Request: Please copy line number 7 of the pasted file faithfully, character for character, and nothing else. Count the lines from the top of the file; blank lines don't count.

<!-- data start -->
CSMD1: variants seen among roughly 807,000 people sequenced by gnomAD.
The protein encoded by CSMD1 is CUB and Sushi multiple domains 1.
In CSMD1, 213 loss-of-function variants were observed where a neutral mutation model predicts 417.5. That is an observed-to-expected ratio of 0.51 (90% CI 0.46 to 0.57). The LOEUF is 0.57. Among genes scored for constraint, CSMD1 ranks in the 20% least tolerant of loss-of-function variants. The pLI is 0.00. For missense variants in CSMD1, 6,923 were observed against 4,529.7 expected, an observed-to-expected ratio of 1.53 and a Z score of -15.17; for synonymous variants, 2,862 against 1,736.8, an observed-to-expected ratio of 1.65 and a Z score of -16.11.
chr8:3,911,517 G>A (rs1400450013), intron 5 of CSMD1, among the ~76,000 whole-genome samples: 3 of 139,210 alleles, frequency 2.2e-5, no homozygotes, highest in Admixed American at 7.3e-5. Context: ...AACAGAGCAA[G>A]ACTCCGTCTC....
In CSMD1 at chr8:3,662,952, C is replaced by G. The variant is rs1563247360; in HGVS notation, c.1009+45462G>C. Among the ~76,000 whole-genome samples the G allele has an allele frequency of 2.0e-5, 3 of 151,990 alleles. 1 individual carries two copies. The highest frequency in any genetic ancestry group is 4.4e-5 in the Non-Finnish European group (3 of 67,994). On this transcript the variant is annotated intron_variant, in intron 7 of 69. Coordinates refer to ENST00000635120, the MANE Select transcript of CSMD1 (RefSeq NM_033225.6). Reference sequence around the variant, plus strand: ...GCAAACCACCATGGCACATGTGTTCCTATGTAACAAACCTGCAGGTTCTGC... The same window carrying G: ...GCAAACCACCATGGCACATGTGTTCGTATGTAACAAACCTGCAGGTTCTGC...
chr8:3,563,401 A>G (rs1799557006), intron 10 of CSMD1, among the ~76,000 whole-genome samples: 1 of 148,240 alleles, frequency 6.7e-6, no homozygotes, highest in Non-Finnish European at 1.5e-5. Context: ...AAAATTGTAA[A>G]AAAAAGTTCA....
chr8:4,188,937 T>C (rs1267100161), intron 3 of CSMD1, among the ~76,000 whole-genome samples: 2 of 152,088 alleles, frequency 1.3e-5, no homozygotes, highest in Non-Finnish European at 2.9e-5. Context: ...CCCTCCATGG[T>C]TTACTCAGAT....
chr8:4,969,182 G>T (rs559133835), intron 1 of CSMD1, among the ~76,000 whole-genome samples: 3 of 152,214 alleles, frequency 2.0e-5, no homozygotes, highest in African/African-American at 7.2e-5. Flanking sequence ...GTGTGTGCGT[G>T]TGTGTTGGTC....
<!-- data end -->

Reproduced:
chr8:4,188,937 T>C (rs1267100161), intron 3 of CSMD1, among the ~76,000 whole-genome samples: 2 of 152,088 alleles, frequency 1.3e-5, no homozygotes, highest in Non-Finnish European at 2.9e-5. Context: ...CCCTCCATGG[T>C]TTACTCAGAT....